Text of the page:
Methods: Between January 1, 2001 and the present, a total of 1674 patients underwent patch testing to the NACDG standard screening series. The incidence of positive patch tests to CAPB, cocamide DEA, and amidoamine among patients with AD (n=242) and without AD (n=1422) was assessed. Statistical analysis was done using a χ2 test.
Results: AD was associated with contact hypersensitivity to CAPB, but not to cocamide DEA or amidoamine.
Conclusions: Patients with AD should avoid the use of skincare products containing the surfactant CAPB, but need not avoid products containing cocamide DEA.
Teri Greiling, Michael Girardi, Angela Galan, and Kalman Watsky
Author Affiliations: Yale-New Haven Hospital, New Haven, Connecticut
A 25-year old woman was referred for evaluation of a 3-year history of recurring localized pruritic skin eruptions after venipuncture that began 24-48 hours after a hypodermic needle pierced the antecubital fossa. Patch testing with an expanded North American Contact Dermatitis Research Group Screening Series and a Metals Series (Chemotechnique) was negative at 2 and 4 days, suggesting that the metal needle was not the inciting factor.
A glass slide was used to lightly scratch her volar forearm. Approximately 48 hours later she reported pink papules and pruritus around the site. Examination on days 3 and 6 revealed a 10 cm cluster of edematous pink papules surrounding the scratch site. A similar scratch in the popliteal fossa also reacted with surrounding papular eczema but a scratch to the flank had no response.
A biopsy from day 6 showed focal spongiosis with a mixed perivascular and interstitial infiltrate composed of lymphocytes and eosinophils. Immunohistochemical stains from day 1, 3, and 6 provided insight into the temporal progression of inflammatory cells that could be implicated in the pathophysiology of this reaction.
This patient has a rare case of “idiopathic post-traumatic eczema,” as characterized by Mathias (Mathias, 1988), although her specific clinical and histopathologic reaction may be better categorized as localized post-traumatic autosensitization. Intriguingly, she was most sensitive to trauma in areas classically involved in adult atopic dermatitis and resistant to this phenomenon in other sites.
Ten-Year Retrospective Analysis of Patch Testing in African American Patients
Sherry H. Yu, BS BA1, James S. Taylor, MD2, Debora Murray, LPN2, and Apra Sood, MD2
Author Affiliations: 1 School of Medicine, Case Western Reserve University, Cleveland OH; 2Department of Dermatology, Cleveland Clinic Foundation, Cleveland, Ohio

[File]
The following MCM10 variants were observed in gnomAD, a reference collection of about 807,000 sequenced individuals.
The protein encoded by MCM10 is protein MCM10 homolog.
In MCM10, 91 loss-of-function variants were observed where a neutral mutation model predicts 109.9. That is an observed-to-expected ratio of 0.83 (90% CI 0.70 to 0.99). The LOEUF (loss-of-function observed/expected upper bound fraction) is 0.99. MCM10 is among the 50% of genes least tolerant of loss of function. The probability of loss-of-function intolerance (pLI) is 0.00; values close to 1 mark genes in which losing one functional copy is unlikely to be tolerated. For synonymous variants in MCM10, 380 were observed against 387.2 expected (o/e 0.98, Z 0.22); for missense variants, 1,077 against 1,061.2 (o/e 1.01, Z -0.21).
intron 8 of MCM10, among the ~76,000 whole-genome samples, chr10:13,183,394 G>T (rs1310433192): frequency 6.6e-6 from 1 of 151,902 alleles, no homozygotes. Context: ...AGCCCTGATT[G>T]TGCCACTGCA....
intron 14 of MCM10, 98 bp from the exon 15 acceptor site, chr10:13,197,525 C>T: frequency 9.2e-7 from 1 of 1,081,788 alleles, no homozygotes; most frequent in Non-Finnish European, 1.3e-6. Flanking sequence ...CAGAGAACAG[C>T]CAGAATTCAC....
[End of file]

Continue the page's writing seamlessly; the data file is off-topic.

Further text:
Background: The heterogeneous appearance of allergic contact dermatitis (ACD) and patient skin pigmentation may result in diagnostic difficulty.
Objective: Determine patch testing results of African American (AA) patients over a ten-year period at the Cleveland Clinic Foundation.
Methods: Retrospective chart review of 138 patients self-identifying as “African American” or “Black” undergoing patch testing between 2003 and 2012. The average age was 45.0 (range: 10-91) and consisted of 106 (76.8%) females.
Results: 102 patients (73.9%) patients had at least one positive (≥1+) result from patch testing. There were 277 total positive patch test reactions. Most patients (53.6%) had a history of atopy (allergic rhinitis, childhood eczema or asthma). Nickel sulfate (27.5%), fragrance mix (18.1%), bacitracin (13.0%), and Balsam of Peru (12.3%) were the most common sensitizers. The face (31.2%) and hands (21.7%) were most commonly affected; nearly a quarter of patients (22.5%) had more than one affected area. Twenty patients (14.5%) had occupationally relevant positives. The majority of patients (55.8%) received a final diagnosis of ACD.
Discussion: ACD in AA patients appears more lichenified and pigmented. There is less perceived erythema and an early follicular response. As a result, AA patients may experience a delay in diagnosis, possibly due to low index of suspicion.
Results of Patch Testing for Complications of Orthopedic Implants
Khuzama Al-Falah and Denis Sasseville
Author Affiliations: Division of Dermatology McGill University Health Centre, Montreal, QC, Canada
Background: Some recipients of orthopedic implants will develop complications such as localized or generalized dermatitis, chronic pain, loosening or other device malfunction. When hypersensitivity to a component of the alloy or cement is discovered, removal of the offending material may be curative.